(WTNH) — We often hear the terms “wind chill” and “wind chill factor,” but what is wind chill?
Wind chill is defined as “The apparent temperature felt on the exposed human body owing to the combination of temperature and wind speed.”
The forecast for tonight features temperatures that will feel like -20°F at times! Brrr. You can click here for the forecast.
But here’s a breakdown of what wind chill is and how to calculate it!
- Calculates wind speed at an average height of 5 feet, the typical height of an adult human face, based on readings from the national standard height of 33 feet, typical height of an anemometer
- Is based on a human face model
- Incorporates heat transfer theory: heat loss from the body to its surroundings, during cold and breezy/windy days
- Lowers the calm wind threshold to 3 mph
- Uses a consistent standard for skin tissue resistance
- Assumes no impact from the sun, i.e., clear night sky
The new formula for winds in mph and Fahrenheit temperatures is:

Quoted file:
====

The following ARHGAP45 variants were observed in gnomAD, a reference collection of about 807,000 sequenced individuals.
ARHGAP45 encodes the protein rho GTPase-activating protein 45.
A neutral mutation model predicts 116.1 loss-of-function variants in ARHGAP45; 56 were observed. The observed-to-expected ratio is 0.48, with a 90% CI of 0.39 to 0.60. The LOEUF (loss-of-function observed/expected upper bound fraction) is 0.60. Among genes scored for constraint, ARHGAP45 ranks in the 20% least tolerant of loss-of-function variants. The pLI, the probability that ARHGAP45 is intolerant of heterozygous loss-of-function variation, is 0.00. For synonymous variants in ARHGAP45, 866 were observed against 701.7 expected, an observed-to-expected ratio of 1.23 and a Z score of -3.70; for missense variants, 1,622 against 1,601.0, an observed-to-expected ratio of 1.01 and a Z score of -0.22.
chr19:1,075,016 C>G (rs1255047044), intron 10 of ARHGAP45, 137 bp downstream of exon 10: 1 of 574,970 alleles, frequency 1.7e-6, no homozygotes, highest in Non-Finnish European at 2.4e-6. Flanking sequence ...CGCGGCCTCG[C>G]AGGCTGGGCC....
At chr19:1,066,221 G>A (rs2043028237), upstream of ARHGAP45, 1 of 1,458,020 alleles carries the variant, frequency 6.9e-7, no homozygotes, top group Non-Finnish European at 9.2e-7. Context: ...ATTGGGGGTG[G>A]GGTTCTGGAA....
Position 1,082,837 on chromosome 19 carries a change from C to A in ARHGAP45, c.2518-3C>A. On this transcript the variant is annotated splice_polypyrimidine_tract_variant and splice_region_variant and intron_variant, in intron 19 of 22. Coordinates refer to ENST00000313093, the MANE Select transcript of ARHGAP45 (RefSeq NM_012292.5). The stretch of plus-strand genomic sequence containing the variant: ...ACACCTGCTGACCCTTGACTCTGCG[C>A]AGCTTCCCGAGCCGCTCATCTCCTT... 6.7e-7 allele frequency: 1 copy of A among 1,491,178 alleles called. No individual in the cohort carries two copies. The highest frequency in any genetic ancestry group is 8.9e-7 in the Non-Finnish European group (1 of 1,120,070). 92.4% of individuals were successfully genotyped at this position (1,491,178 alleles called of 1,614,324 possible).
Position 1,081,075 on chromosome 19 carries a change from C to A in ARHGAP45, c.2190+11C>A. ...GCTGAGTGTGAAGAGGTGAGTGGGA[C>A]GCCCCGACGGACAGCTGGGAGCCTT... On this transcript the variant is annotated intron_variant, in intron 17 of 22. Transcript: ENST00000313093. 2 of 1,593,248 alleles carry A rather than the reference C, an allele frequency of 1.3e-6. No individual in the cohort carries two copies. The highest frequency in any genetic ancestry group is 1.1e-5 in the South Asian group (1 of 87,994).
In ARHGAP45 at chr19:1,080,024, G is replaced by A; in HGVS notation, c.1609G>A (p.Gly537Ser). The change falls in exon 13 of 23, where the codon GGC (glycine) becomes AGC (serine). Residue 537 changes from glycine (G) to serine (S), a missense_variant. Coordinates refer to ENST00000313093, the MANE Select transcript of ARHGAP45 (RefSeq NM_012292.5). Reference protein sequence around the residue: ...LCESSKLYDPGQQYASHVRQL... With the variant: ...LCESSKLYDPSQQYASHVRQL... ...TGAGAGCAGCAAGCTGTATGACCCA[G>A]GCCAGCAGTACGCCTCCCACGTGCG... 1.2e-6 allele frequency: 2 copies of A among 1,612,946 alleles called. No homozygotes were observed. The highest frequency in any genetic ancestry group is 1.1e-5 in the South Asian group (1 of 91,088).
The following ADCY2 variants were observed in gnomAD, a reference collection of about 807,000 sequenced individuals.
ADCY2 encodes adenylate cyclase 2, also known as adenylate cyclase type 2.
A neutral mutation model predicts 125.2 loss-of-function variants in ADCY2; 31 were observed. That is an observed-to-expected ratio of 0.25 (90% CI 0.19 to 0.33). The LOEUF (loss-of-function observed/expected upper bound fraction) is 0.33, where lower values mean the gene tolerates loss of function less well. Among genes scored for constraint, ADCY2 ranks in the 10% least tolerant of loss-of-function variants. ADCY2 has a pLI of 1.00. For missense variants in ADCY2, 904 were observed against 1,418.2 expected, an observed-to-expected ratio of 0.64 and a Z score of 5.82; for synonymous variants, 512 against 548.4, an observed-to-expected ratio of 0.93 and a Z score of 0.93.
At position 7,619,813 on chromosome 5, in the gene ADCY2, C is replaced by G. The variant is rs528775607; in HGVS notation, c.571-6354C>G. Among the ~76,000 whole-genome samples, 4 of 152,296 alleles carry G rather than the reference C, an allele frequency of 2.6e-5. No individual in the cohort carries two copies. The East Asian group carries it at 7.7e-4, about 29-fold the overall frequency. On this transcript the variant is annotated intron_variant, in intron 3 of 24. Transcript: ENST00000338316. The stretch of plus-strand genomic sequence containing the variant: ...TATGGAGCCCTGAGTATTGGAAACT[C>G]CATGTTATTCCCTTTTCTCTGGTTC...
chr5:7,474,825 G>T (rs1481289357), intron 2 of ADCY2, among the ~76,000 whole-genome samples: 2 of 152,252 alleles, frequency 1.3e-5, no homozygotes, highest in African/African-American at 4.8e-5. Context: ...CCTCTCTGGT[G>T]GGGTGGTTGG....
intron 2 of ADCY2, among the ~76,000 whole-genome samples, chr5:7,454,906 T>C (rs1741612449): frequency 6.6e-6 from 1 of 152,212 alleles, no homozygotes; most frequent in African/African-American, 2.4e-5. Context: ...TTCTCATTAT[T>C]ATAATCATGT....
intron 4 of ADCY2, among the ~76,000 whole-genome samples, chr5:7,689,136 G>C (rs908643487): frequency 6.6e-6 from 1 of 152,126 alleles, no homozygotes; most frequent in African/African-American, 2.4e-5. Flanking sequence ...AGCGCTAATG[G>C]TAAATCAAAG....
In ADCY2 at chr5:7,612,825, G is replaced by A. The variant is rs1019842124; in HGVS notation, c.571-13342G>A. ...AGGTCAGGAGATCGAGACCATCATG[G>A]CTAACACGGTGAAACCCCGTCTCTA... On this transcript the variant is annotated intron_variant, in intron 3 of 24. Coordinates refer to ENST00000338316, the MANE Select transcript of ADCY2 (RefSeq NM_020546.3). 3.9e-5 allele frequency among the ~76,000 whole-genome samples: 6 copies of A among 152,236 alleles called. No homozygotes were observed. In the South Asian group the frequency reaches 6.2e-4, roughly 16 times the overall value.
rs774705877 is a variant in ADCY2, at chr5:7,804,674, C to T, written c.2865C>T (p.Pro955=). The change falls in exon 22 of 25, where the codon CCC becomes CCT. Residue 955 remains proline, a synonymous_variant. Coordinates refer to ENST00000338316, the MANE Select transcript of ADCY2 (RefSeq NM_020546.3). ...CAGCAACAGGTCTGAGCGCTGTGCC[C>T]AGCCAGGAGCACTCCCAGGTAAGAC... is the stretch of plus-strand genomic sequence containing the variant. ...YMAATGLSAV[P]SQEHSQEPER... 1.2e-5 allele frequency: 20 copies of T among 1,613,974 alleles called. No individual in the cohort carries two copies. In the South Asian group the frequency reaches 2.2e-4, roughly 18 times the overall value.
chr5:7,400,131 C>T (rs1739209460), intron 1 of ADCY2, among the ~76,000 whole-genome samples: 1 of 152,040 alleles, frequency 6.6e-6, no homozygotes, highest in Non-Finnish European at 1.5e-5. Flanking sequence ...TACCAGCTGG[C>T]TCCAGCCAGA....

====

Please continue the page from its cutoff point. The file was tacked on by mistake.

Wind chill temperature = 35.74 + 0.6215T – 35.75V (**0.16) + 0.4275TV(**0.16)
In the formula, V is in the wind speed in statute miles per hour, and T is the temperature in degrees Fahrenheit.
Note: In the formula, ** means the following term is an exponent (i.e. 10**(0.5 ) means 10 to the 0.5 power, or the square root of V), – means to subtract, + means to add. A letter next to a number means to multiply that quantity represented by the letter by the number. The standard rules of algebra apply.
Luckily anyone can now calculate the wind chill with a chart like these listed below. Stay warm out there!
Meteorologist Kevin Arnone